NAFTA After 5 Years -
Good Or Bad? - Depends
On Who's Talking
By Michelle Mittelstadt
Associated Press Writer
WASHINGTON (AP) _ Five years after the United States, Canada and Mexico entered into a new trade alliance, whether the North American Free Trade Agreement is a boon or a burden generally depends on who's evaluating it.
The Clinton administration lobbied furiously to secure congressional passage of the trade pact in 1993. Not surprisingly, it views NAFTA as a net positive _ particularly in light of the current Asian economic downturn and Mexico's 1994 peso crisis.
``We think it's been a very successful enterprise,'' David Aaron, Commerce undersecretary for international trade, said in a recent interview. ``There are still problems. It's still a work in progress, and there are more things we need to do to improve it ..., but I think we can take significant satisfaction in the fact our exports to NAFTA in the five years have risen more than 67 percent _ almost double the rest-of-world exports.''
On the other hand, the critics: NAFTA is to blame for job flight to Mexico, lowered labor and environmental standards and a host of other ills in all three partner countries.
The debate over NAFTA's impact on the U.S. economy is certain to be among the central issues Congress will examine this year as it considers President Clinton's request to renew the negotiating authority he needs to strike new trade agreements, including the suggestion in his State of the Union address for a round of talks involving the 133 nations of the World Trade Organization.
Determined opposition from labor and environmental groups has blocked Clinton for four years from obtaining the trade authority, known as fast track. Opponents argue that NAFTA did not provide enough safeguards to ensure that U.S. companies setting up operations in Mexico did not exploit workers' rights or the environment.
``It's obvious NAFTA has failed to produce the benefits its boosters promised,'' said Lori Wallach, director of Public Citizen's Global Trade Watch, which battled to keep the pact from being enacted. ``But NAFTA also fails a more lenient `do no harm' test. In key areas NAFTA affects, things are worse than before.''
In its recently issued NAFTA report card, Global Trade Watch gives failing grades on everything from agriculture to highway safety, public health and national sovereignty.
NAFTA has cost Americans hundreds of thousands of jobs, depressed wages in some sectors and transformed the $1.7 billion trade surplus with Mexico in 1993 to an $11.5 billion deficit by fall 1998, Global Trade Watch says.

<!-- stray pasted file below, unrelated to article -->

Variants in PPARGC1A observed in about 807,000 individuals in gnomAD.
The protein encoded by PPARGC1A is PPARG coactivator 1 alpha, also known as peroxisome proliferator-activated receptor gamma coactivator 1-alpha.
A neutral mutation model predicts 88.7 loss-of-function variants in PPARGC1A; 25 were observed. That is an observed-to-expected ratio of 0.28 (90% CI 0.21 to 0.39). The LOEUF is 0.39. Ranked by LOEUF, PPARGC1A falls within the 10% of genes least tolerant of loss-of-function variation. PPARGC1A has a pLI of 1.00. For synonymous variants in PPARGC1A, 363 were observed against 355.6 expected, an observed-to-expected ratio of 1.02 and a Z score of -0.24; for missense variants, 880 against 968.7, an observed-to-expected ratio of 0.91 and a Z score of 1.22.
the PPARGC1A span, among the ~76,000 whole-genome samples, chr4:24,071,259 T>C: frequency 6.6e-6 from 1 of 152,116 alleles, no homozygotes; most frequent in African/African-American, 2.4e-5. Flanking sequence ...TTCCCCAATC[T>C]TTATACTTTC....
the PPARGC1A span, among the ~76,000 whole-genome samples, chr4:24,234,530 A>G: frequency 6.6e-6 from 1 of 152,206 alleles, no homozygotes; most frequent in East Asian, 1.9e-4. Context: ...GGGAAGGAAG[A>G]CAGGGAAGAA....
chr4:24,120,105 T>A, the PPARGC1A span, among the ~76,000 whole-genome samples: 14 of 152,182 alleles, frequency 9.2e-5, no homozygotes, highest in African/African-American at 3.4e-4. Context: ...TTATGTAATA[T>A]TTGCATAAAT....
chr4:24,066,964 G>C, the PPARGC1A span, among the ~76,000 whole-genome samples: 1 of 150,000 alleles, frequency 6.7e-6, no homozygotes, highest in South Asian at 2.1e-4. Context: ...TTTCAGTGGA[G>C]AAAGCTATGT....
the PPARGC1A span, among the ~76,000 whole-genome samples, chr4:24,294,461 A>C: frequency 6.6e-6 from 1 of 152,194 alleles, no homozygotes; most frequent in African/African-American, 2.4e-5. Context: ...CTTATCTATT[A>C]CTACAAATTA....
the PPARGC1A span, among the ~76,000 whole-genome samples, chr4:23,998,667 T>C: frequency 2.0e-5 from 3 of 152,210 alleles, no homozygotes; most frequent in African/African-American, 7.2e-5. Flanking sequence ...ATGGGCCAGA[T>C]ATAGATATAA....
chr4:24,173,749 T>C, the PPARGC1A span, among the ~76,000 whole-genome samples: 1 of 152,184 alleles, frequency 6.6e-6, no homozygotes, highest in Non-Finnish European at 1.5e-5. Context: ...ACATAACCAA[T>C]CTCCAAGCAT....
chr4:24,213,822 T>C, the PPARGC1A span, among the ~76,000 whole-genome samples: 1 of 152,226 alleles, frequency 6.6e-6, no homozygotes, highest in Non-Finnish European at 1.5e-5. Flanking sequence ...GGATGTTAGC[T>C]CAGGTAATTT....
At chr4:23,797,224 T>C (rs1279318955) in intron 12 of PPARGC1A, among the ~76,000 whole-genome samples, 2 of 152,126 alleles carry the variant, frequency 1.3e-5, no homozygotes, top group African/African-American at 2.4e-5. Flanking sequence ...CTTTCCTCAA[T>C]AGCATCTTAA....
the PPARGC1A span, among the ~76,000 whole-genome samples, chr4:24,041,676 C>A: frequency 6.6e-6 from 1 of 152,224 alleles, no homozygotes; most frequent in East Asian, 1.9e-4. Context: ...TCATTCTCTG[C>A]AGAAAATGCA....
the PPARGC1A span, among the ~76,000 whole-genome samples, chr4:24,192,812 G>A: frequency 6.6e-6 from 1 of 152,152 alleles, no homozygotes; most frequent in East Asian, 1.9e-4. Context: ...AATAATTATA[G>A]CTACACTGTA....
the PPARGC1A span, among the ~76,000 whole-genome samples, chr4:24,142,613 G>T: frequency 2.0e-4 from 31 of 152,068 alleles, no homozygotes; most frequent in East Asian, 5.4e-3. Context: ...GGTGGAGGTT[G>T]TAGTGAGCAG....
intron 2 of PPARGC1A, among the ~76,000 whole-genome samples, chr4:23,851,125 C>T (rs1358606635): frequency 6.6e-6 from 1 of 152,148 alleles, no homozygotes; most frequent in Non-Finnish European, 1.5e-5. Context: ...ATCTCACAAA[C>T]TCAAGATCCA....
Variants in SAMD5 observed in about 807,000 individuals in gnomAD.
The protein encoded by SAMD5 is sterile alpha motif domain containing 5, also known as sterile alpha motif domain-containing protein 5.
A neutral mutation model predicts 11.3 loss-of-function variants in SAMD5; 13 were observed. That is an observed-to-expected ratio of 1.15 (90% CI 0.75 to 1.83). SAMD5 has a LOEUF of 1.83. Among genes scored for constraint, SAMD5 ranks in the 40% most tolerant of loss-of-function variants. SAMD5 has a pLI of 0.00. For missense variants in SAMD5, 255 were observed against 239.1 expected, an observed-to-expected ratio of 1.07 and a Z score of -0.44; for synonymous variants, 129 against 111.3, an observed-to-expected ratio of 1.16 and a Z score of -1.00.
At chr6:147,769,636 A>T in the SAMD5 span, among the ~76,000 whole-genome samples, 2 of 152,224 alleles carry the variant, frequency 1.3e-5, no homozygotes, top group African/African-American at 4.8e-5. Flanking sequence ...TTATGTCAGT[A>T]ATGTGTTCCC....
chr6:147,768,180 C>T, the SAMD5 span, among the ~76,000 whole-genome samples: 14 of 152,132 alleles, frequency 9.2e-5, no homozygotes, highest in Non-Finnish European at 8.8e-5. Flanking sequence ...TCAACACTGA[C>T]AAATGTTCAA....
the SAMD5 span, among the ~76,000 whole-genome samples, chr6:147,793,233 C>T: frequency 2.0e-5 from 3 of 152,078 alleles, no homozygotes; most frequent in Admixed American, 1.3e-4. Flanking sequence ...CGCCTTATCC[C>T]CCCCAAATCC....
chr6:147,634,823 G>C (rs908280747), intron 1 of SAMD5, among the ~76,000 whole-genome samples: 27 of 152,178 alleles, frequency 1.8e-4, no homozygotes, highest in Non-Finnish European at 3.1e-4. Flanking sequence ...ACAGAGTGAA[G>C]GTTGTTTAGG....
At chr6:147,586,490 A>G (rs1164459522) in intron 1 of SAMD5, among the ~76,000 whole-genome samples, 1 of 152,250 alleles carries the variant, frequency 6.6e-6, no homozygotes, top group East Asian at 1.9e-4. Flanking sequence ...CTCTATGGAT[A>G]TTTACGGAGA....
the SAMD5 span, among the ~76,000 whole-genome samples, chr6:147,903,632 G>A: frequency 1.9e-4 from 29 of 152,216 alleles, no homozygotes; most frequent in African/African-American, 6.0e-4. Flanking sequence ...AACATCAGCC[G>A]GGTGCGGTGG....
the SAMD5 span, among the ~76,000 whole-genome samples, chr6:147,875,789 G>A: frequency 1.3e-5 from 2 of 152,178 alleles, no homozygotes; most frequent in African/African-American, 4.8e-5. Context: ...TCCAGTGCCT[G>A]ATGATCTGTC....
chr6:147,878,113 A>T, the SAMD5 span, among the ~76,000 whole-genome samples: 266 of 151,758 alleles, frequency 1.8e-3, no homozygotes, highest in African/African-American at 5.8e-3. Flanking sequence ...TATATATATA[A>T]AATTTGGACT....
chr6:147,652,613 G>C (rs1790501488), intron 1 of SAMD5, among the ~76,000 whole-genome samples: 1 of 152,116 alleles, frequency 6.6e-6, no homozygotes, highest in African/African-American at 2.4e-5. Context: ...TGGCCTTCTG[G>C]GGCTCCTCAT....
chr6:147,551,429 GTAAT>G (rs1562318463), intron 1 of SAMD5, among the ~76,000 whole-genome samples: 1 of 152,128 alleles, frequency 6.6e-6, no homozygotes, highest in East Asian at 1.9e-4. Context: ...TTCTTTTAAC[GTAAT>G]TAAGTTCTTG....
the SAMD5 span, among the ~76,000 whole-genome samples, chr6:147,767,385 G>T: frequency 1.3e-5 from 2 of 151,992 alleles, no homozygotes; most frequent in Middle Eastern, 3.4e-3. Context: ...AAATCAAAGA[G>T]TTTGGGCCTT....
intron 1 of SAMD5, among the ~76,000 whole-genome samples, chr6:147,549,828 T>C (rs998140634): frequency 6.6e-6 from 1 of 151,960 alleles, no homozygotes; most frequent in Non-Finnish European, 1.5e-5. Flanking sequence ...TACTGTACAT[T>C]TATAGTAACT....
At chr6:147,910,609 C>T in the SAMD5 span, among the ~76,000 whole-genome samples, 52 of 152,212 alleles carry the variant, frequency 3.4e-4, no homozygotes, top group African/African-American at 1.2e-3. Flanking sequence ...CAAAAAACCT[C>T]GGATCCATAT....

The administration retains a far more positive view. ``Look at the whole spectrum of issues _ trade, the environment, labor conditions, cooperation with Mexico in law enforcement. Whatever the issue, there is not one area where we would be better off today if the NAFTA were not in place,'' said Jay Ziegler, a spokesman for the office of the U.S. Trade Representative.
Trade with Canada and Mexico supports 2.6 million U.S. jobs, Aaron said, an increase of 655,000 over 1993. As to the job loss claim, he said: ``It's quite clear that most of the job dislocation that has taken place in the United States is not due to trade, let alone trade with NAFTA. Most of it is due to technological change.''
Noting the United States is enjoying its lowest unemployment rates in three decades, averaging 4.5 percent last year, Aaron said, ``You can hardly say (NAFTA) has precipitated some kind of jobs crisis.''
NAFTA is scored, however, as having cost the jobs of 209,000 Americans. That is the number of workers certified under a federal program designed to help people who lose work because of shifting trade patterns with Canada and Mexico.
Administration officials rush to say it's far easier to quantify jobs lost under NAFTA than those created. They also say the 209,000 figure is an inaccurate reflection of job loss because, although entire work forces are certified as NAFTA losses, many displaced workers immediately go to new jobs or choose to retire. Some also may be reported under different federal trade assistance programs.
Don Beale, acting director of the Labor Department's Office of Trade Adjustment Assistance, said his staff often is asked how many jobs have been lost to NAFTA, ``to which we give a hearty `We don't have the slightest idea,''' he said.
The states with the most certifications of NAFTA job loss are North Carolina, Texas, Pennsylvania, New York and California.
The sectors with the most certifications are the apparel industry, with 55,000; electrical and electronic equipment, 26,600; and transportation equipment, 14,600.